(CN) – A controversial Illinois law requiring parental notification of abortions took effect Wednesday after 14 years of legal wrangling, only to be suspended hours later, when a Cook County judge issued a restraining order. The 1995 law requires doctors to give 48 hours notice to parents if girls 17 or younger seek abortions.
The Illinois Medical Disciplinary Board cleared the way for the law to take effect, but Cook County Judge Daniel Riley issued a temporary restraining order Wednesday, saying the ACLU has presented enough information to persuade him the group should be given time to present its case, which is expected to take several months.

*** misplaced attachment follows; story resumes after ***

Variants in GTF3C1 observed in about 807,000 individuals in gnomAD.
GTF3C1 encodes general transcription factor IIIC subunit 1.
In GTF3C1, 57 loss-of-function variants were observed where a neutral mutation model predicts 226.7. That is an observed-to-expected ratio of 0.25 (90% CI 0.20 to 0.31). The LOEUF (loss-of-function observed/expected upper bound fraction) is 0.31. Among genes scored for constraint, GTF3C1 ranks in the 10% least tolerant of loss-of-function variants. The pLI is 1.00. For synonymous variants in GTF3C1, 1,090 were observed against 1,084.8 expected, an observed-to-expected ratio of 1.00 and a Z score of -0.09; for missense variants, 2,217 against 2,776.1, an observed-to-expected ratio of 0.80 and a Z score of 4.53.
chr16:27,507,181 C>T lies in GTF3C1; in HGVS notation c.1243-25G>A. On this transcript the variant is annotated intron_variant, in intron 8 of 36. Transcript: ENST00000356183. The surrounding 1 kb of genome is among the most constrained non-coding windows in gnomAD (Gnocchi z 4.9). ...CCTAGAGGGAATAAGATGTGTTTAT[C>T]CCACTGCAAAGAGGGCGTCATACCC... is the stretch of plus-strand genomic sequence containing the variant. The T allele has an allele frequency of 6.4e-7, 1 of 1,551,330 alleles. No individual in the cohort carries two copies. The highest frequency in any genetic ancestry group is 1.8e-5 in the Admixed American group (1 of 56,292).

Illinois’ law does not require that parents approve the abortion, only that they be informed of it. The law has an exception that allows judges to bypass notification in cases of abuse or danger to the teen.
The American Civil Liberties Union unsuccessfully argued the law violated the U.S. Constitution. It won the restraining order on Wednesday by claiming that the law violates the state constitution.
Supporters of the law claim the ACLU’s new lawsuit is simply an end run around the federal case it lost.